Shaun of the Mets: Measuring Marcum’s Value For 2013
One thing we’ve learned about the Mets in recent years is that they like the idea of offering short-term, incentive-laden contracts to pitchers with some upside. Chris Young immediately comes to mind.
The caveat to the Mets’ philosophy is simple: Any starting pitcher with a track record of success and durability is going to demand – and probably receive – a multi-year commitment from the team that signs him. The guys that will take one year usually fall short in one of the two categories. But the issue of durability, while a concern, is what made Shaun Marcum financially feasible for New York.
It’s a strategy that makes sense for the Mets, who are facing budgetary constraints that, depending on who you believe, are anywhere from pesky to prohibitive. Marcum is adamant that he’s in good health, but let’s face it: If his health weren’t a factor on some level, teams would have been beating down his door with multi-year offers. As it stands now, Marcum’s one-year contract with the Mets guarantees him $4 million, with another $4 million attainable through various incentives, based mostly on his durability.
When healthy, there’s no denying that Marcum can be a valuable part of any rotation. Over six-plus major league seasons with Toronto and Milwaukee, he’s ten games over .500 (53-43) with a 1.22 WHIP, and has limited opposing batters to a .302 OBP. Marcum’s K/9 in 2012 (7.9) was the best of his career, although the number was considerably lower (6.9) after he returned from elbow tightness in August. For Marcum, who missed the entire 2009 season following reconstructive elbow surgery, a two-month stint on the disabled list was enough of a red flag to prevent him from getting a long-term deal.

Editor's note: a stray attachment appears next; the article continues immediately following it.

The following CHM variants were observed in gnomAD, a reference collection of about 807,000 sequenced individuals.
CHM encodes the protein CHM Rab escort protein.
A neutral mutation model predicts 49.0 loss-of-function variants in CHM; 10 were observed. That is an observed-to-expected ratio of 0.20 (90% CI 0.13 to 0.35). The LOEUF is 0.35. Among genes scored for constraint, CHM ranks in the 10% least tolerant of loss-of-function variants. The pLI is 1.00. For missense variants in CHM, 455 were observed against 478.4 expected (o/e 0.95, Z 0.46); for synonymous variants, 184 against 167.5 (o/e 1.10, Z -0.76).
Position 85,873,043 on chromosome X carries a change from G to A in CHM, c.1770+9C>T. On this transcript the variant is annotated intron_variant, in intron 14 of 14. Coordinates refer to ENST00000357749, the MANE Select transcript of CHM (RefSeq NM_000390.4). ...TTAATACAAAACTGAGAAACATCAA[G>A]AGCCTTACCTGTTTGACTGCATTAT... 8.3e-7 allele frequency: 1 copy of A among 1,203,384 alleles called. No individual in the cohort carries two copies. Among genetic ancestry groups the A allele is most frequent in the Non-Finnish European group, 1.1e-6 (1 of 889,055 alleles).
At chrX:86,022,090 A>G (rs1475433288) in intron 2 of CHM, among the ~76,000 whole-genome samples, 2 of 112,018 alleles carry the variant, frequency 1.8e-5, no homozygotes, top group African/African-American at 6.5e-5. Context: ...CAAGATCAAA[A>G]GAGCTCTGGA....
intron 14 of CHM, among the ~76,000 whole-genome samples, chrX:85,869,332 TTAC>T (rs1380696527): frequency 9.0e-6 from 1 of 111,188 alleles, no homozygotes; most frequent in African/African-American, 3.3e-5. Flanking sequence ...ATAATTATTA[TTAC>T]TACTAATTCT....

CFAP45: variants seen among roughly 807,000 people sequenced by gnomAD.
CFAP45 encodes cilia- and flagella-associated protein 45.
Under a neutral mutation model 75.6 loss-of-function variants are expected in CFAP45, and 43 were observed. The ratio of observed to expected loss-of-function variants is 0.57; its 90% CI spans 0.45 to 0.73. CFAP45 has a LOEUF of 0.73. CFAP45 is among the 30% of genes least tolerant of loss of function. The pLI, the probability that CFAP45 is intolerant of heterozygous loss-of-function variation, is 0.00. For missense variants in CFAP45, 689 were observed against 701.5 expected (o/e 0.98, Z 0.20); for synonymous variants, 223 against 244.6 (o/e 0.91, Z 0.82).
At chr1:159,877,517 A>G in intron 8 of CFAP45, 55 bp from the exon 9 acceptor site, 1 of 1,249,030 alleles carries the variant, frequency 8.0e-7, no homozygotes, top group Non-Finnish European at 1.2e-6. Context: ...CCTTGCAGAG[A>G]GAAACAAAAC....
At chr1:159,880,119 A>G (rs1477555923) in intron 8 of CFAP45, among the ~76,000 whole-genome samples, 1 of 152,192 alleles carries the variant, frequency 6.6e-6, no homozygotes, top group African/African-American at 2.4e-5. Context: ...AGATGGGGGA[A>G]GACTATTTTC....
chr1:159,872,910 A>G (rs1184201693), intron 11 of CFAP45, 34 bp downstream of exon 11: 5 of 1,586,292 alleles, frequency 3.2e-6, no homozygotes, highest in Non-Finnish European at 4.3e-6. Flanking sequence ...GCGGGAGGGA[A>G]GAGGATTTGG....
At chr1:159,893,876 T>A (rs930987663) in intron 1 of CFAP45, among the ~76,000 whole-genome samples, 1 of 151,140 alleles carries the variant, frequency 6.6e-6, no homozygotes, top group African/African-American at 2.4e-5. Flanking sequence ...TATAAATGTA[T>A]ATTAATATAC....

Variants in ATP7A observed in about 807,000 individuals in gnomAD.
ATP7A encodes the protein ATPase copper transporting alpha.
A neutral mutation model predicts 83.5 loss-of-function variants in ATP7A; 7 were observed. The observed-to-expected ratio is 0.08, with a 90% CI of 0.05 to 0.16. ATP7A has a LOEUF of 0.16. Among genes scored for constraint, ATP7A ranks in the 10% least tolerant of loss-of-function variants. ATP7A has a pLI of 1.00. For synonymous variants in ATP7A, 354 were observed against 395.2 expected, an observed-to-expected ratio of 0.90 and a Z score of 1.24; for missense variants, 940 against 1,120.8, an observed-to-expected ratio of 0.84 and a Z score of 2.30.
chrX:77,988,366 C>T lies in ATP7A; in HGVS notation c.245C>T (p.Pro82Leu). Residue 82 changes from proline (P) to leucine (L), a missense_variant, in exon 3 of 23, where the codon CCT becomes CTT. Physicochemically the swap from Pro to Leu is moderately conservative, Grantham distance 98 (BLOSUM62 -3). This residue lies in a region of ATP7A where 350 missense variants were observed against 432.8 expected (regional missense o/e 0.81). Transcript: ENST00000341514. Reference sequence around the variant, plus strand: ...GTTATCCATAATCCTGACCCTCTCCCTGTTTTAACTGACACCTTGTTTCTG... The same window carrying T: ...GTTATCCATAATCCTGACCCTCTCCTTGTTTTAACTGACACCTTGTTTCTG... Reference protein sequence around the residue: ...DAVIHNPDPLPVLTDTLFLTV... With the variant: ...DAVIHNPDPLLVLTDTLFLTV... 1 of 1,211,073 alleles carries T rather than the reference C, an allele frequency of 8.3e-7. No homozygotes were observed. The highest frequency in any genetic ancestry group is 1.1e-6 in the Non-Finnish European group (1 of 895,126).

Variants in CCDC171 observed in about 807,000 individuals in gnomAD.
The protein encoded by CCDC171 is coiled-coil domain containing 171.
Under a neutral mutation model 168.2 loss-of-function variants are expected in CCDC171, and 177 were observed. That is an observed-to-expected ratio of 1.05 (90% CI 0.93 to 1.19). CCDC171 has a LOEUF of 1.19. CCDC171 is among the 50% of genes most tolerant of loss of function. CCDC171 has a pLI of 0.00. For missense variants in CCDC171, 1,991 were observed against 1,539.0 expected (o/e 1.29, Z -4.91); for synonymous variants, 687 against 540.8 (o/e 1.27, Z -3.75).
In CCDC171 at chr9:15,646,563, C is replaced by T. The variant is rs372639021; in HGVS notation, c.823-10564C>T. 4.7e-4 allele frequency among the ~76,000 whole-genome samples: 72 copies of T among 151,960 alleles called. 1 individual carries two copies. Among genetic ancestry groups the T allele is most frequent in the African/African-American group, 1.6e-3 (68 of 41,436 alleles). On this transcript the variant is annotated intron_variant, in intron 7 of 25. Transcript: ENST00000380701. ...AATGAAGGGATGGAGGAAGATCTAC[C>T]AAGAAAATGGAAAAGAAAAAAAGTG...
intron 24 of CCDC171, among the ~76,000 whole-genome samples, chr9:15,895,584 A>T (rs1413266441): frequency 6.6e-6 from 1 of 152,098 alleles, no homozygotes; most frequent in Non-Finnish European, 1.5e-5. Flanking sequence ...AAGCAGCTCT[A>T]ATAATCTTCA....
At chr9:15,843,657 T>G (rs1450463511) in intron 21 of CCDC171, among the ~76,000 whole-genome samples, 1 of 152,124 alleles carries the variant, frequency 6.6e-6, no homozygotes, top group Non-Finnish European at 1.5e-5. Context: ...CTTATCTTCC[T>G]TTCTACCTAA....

After coming off the DL, Marcum went 2-1 with a 4.32 ERA over eight starts. His K/BB ratio (2.13) was significantly below his career mark (2.65), but he averaged 92 pitches per start and completed six innings in each of his last three games. In his last start of the season, Marcum threw 104 pitches against San Diego, allowing two runs over six innings and earning the win.
There was some discernable rust upon Marcum’s return – two months on the shelf will do that to you – but it’s a positive sign that Milwaukee was willing to let him run his pitch count up. We’ll also take it as a positive sign that his fastball velocity was off by less than a mile per hour. We expect that a full Spring Training will have him back around 87 mph, which is fast enough to make his change-up effective.
The pitcher-friendly confines of Citi Field should be a plus for Marcum, who has had some trouble keeping the ball in the park, although it’s worth noting that there was a spike in Citi Field home runs last year after the Mets brought in and/or lowered several outfield walls. Marcum’s familiarity with new Mets catcher John Buck, acquired in the R.A. Dickey trade, should help too, at least until stud catching prospect Travis d’Arnaud gets called up.
With the lack of run support he’ll probably have to endure, Marcum may not offer much in the way of wins. But if he’s able to stay on the field, he should be able to keep his ERA and WHIP low and be a solid source of strikeouts. Just make sure you have a backup plan. You know, just in case.